SELinux quicky


Sven Vermeulen Tue 14 September 2010

I've been using SELinux for a few days now (in permissive mode, just to get to know things) and have learned a few interesting commands (or other nice-to-know's) for using SELinux. Since I'm going to forget those the moment all is running well, I'll "document" them here ;-) I'm not going to talk about the -Z switches in ps or ls, that has been documented sufficiently on the Internet already.

With sesearch you can query through the loaded policy. For instance, you want to know why you can execute sudo as a user (and not just due to the DAC permissions):

~$ sesearch -s user_t -t sudo_exec_t -p execute -c file -A

Of course, this is only one of the three requirements for a transition from user_t to user_sudo_t, for that you still need process transition and entrypoint:

~$ sesearch -s user_t -t user_sudo_t -p transition -A 
~$ sesearch -s user_sudo_t -t sudo_exec_t -p entrypoint -A

Now, sometimes you find a rule that you didn't expect:

~$ sesearch -s user_t -t dmesg_exec_t -p execute -A
Found 1 semantic av rules:
  allow user_t application_exec_type : file { ioctl read getattr lock execute execute_no_trans open } ;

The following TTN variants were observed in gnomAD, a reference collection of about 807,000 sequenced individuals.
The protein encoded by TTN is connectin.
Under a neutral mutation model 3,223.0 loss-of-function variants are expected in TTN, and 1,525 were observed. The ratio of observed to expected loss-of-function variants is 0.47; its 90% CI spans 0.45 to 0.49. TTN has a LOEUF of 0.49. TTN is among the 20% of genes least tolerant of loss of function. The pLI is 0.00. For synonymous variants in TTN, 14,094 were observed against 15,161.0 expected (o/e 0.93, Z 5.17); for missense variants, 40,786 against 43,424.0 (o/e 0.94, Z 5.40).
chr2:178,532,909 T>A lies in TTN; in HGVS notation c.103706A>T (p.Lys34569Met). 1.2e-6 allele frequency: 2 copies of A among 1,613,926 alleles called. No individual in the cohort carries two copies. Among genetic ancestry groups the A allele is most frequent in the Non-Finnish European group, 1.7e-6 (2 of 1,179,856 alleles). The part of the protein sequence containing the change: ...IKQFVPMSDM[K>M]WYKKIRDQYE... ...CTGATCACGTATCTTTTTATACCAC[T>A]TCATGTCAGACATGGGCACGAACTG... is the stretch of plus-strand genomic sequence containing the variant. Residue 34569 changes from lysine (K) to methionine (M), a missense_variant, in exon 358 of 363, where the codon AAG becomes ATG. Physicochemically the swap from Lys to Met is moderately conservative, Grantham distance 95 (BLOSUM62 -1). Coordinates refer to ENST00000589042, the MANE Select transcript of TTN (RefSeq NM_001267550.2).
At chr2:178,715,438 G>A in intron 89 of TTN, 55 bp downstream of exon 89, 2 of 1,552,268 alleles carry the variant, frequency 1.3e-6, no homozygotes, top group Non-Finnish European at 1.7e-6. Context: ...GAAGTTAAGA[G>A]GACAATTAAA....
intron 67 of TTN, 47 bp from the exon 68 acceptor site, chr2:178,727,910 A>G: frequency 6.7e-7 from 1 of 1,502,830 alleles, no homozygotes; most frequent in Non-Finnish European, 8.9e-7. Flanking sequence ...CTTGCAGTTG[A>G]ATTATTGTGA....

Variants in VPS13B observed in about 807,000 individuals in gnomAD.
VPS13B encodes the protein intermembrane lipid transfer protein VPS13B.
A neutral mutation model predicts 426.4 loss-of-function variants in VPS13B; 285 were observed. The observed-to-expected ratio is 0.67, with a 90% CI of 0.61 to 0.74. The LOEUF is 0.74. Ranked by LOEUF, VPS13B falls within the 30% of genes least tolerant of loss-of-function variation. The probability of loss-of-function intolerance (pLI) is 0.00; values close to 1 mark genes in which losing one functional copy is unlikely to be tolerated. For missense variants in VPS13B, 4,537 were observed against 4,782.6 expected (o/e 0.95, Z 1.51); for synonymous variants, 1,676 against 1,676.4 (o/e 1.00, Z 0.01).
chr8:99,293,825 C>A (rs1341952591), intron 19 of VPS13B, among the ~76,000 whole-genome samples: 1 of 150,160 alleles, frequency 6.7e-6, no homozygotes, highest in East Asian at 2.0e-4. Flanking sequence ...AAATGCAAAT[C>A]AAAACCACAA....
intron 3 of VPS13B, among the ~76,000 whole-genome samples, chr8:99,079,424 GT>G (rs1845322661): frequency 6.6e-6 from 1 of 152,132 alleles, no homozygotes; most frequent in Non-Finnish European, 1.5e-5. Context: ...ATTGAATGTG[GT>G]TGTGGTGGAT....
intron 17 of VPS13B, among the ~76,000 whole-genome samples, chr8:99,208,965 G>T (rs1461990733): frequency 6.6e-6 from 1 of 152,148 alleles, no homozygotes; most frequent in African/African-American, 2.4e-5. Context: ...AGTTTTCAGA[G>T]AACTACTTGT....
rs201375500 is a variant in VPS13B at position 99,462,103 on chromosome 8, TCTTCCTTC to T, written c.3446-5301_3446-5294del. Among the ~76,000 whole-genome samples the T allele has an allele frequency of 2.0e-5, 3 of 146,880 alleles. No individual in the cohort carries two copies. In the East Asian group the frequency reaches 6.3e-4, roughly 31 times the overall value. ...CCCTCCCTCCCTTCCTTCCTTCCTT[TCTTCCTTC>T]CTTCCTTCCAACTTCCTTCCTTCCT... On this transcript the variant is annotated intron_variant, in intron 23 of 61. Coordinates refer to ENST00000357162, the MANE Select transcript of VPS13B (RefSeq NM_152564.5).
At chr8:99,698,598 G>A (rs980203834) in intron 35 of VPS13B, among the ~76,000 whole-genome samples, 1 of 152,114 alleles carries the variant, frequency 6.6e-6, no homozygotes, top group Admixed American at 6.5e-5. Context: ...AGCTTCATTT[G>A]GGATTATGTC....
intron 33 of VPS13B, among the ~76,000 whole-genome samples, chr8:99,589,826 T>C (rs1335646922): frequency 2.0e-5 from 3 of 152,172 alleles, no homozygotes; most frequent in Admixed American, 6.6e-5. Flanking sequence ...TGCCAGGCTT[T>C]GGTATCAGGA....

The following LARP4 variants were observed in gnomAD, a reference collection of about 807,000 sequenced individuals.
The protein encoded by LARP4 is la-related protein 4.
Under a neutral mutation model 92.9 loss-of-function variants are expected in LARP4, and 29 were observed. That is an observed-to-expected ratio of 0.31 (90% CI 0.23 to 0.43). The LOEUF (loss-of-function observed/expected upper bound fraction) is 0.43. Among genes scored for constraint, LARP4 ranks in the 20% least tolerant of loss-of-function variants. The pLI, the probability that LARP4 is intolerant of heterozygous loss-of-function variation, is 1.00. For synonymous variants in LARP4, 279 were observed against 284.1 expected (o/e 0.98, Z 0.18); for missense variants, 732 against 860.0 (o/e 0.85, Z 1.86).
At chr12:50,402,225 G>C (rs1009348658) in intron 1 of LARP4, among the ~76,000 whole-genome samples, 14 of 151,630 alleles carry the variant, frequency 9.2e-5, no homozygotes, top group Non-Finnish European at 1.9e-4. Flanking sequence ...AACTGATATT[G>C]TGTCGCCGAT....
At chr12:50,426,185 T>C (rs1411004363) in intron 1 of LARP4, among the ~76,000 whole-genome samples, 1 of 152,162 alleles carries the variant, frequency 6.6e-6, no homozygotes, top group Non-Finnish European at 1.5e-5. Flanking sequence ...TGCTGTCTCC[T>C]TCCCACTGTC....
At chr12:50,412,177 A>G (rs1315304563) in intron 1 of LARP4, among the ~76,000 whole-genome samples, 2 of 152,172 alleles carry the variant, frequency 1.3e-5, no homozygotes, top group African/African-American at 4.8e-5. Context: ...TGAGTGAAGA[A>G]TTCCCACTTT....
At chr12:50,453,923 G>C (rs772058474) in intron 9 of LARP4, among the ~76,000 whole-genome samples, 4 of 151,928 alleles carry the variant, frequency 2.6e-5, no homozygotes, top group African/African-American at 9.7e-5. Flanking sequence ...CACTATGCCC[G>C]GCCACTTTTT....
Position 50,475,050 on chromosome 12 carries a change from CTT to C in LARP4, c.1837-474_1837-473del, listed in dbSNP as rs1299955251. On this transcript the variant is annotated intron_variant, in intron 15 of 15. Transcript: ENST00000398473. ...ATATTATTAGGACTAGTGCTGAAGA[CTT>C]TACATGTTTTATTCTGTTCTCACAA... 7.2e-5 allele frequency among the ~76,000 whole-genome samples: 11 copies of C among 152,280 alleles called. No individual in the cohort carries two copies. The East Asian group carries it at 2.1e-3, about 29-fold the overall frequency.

This is because dmesg_exec_t has the application_exec_type attribute set. You can see the list of types that have an attribute set (or vice versa) with seinfo:

(Show list of types that have the application_exec_type attribute)
~$ seinfo -aapplication_exec_type -x
(Show list of attributes given to the dmesg_exec_t type)
~$ seinfo -tdmesg_exec_t -x

Now, during my browsing through the SELinux activities on my system, I noticed that I could run /usr/sbin/dnsmasq as root, without generating an error in the avc log. Yet sesearch didn't give any results. I've almost killed a few kittens by searching for possibilities (perhaps types with exec_type automatically have application_exec_type - not, or perhaps the domain transitions to another domain first without me knowing - not, I would see that the process runs as a different domain then, which wasn't the case). Luckily, dgrift on #selinux gave me the hint of checking the dontaudit rules as well:

~$ sesearch --dontaudit -s sysadm_t -t dnsmasq_exec_t
   dontaudit sysadm_t exec_type : file { execute execute_no_trans } ;

So there we had it - it was being denied, just not logged. And because I ran in permissive mode, it gets executed anyhow. I disabled the dontaudit rules and got the avc denial I was expecting:

(Disable dontaudit rules)
~$ semodule -DB
(Reenable dontaudit rules)
~$ semodule -B